Menlo Park City Council approves zoning for more homes downtown and across the city; state approves housing plan

On December 20, the Menlo Park’s Housing Element – ​​a state-required plan to allow 3,000 homes at different levels of affordability and affirmatively further fair housing across the community – was conditionally approved by the State pending some minor edits.

The state approval follows closely after the recent major milestone when City Council approved zoning to legalize more housing, especially affordable housing on city-owned parking lots downtown, as well as more housing in mixed-income developments across the city. Importantly, the housing sites in the new plan are outside of District 1 (the Bayfront area that includes the Belle Haven neighborhood), which has accommodated a disproportionate share of development in recent years.

This “upzoning” is a major step forward, advancing the vision that Menlo Together started with in 2018: To support “a city that is integrated and diverse, multi-generational, and environmentally sustainable. We envision an accessible and inviting downtown Menlo Park, with housing at all affordability levels, much less solo driving, and with pedestrian and bike-friendly spaces.”

The City Council made the decision after receiving petitions from over 150 residents, including personal stories from people young and old. A few examples of the comments that City Council heard:

A young man who was visibly distraught about the personal impact of the affordable housing crisis: “As rents have soared over the last 10 years, I’ve seen more and more of my friends being priced out of the area.”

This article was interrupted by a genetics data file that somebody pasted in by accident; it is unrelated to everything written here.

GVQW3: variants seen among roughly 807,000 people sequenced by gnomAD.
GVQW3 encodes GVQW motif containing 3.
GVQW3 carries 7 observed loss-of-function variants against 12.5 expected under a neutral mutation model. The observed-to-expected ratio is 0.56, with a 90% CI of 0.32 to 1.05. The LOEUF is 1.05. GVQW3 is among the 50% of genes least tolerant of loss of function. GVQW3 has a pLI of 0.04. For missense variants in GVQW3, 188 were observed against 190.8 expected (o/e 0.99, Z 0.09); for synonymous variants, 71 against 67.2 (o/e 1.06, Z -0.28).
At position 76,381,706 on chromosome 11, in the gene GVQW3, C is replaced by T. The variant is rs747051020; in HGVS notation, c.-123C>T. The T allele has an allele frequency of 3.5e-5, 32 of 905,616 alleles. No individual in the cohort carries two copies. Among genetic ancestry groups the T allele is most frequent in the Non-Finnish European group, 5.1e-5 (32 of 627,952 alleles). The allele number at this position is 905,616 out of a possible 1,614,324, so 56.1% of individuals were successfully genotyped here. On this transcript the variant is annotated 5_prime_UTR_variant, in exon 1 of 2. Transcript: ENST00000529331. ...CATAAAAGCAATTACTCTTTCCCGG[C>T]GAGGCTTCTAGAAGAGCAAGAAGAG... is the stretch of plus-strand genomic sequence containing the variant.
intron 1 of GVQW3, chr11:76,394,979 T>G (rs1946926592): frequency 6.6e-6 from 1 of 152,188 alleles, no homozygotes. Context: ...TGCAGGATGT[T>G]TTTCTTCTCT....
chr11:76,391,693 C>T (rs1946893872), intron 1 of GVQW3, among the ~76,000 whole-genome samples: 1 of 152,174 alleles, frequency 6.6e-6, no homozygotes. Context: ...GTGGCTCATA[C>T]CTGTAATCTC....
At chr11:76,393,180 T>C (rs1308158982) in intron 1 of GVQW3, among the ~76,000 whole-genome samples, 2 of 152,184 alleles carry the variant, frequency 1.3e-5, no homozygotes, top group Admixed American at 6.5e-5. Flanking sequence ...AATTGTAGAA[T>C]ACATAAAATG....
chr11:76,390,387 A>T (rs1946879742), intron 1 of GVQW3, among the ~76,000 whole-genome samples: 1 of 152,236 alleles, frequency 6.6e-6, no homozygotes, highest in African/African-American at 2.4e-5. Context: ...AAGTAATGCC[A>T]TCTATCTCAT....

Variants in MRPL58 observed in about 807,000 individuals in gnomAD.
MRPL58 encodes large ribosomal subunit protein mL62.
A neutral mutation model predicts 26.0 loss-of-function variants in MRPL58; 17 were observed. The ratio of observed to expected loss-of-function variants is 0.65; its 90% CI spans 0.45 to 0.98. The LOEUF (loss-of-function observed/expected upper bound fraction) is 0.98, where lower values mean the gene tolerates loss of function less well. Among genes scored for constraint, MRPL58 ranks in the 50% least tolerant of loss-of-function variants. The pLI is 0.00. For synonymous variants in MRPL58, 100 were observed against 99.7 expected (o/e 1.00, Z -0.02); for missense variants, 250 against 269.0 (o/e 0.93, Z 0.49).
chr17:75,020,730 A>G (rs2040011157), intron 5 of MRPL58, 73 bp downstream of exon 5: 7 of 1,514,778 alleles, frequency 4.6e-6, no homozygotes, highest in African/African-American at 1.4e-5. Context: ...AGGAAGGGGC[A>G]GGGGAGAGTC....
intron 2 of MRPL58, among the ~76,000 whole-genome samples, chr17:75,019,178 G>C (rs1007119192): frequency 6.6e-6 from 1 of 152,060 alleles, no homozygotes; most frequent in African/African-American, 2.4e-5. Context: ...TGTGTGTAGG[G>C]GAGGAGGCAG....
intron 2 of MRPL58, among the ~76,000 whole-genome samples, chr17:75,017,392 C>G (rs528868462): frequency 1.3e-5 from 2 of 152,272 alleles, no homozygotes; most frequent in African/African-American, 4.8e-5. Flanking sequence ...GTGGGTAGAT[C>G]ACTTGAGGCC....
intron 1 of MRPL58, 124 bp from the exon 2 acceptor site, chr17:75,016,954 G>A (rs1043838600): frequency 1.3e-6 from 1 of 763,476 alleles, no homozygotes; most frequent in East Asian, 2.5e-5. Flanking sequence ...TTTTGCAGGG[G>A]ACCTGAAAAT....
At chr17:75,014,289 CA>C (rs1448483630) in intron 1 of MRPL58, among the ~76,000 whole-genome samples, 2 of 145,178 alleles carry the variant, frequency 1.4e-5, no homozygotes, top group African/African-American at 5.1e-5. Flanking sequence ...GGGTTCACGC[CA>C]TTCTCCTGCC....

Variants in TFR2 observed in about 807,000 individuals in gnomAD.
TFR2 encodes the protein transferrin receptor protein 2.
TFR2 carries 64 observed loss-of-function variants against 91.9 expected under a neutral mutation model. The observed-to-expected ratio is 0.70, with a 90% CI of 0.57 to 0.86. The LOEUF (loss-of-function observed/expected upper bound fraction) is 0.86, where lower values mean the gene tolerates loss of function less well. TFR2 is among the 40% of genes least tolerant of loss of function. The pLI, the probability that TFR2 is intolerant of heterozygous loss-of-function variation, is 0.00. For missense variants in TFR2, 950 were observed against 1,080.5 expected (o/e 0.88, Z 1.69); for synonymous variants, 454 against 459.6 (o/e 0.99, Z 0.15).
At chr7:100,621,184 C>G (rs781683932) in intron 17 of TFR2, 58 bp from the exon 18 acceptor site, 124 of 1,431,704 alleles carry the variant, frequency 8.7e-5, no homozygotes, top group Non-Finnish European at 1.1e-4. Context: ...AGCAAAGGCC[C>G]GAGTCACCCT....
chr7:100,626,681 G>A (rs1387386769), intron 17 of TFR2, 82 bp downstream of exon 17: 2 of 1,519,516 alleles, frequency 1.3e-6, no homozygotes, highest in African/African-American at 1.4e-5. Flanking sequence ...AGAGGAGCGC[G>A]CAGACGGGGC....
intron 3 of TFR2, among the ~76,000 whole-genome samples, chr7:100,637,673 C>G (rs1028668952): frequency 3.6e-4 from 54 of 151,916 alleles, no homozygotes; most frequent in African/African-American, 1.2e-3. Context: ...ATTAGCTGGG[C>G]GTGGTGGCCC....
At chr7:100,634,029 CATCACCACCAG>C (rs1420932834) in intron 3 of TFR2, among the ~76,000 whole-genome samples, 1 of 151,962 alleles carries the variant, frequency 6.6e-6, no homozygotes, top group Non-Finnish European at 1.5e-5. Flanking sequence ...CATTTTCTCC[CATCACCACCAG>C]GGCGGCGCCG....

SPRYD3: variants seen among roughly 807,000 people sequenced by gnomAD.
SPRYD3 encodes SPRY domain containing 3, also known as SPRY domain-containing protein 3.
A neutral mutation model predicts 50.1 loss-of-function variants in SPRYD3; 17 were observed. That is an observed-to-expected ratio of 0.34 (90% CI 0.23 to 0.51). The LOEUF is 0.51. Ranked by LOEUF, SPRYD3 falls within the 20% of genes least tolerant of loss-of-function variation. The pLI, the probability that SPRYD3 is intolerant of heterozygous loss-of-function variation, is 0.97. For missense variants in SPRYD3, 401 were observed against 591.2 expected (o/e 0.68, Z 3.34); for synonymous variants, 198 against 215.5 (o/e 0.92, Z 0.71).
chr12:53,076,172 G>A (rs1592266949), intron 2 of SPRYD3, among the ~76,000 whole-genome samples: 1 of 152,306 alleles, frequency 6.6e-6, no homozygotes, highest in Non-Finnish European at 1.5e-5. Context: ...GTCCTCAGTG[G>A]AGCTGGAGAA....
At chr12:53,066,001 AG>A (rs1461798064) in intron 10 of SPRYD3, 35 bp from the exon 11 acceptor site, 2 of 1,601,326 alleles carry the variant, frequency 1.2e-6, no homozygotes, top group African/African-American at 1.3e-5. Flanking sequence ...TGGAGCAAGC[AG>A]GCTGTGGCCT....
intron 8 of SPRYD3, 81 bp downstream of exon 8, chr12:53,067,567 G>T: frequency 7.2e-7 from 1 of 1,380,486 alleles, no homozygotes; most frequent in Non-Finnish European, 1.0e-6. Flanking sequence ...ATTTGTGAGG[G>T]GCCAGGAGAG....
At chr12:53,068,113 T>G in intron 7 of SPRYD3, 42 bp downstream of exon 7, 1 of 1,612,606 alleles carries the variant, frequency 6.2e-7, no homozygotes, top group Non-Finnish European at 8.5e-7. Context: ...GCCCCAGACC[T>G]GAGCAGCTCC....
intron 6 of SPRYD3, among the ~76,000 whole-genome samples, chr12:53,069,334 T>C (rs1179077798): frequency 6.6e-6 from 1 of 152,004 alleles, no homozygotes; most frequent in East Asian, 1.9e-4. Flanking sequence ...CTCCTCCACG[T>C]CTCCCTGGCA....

An older gentleman–a 5th generation Bay Area native–said that his apartment has some serious problems, but he puts up with it because he can’t afford to move. Once he retires, he won’t be able to afford to stay in the area, and he doesn’t know what he will do.

An immigrant woman who moved to Menlo Park from New York City is stressed about having to find a new home near her job because of a landlord renovation/move-in. She’s having a harder time finding housing in Menlo Park than the entirety of her time spent in New York City. 

More homes, including deeply affordable homes in centrally located areas near transit will provide more people with opportunities to live with easy access to jobs, schools, and services. 

Of course, people live in homes, not in zoning documents.   It will require the collective encouragement of community members to ensure that homes including deeply affordable homes–get built.  And it will take more encouragement to ensure that the city updates its Below Market Rate (BMR) Housing policy so  that homes are affordable to more people, and that tenant protections are strengthened so the city protects more residents from being displaced. 

Thanks to everyone who spoke up at community and City Council meetings to help achieve this milestone. Your ongoing participation is vital to ensuring that Menlo Together’s vision becomes reality.

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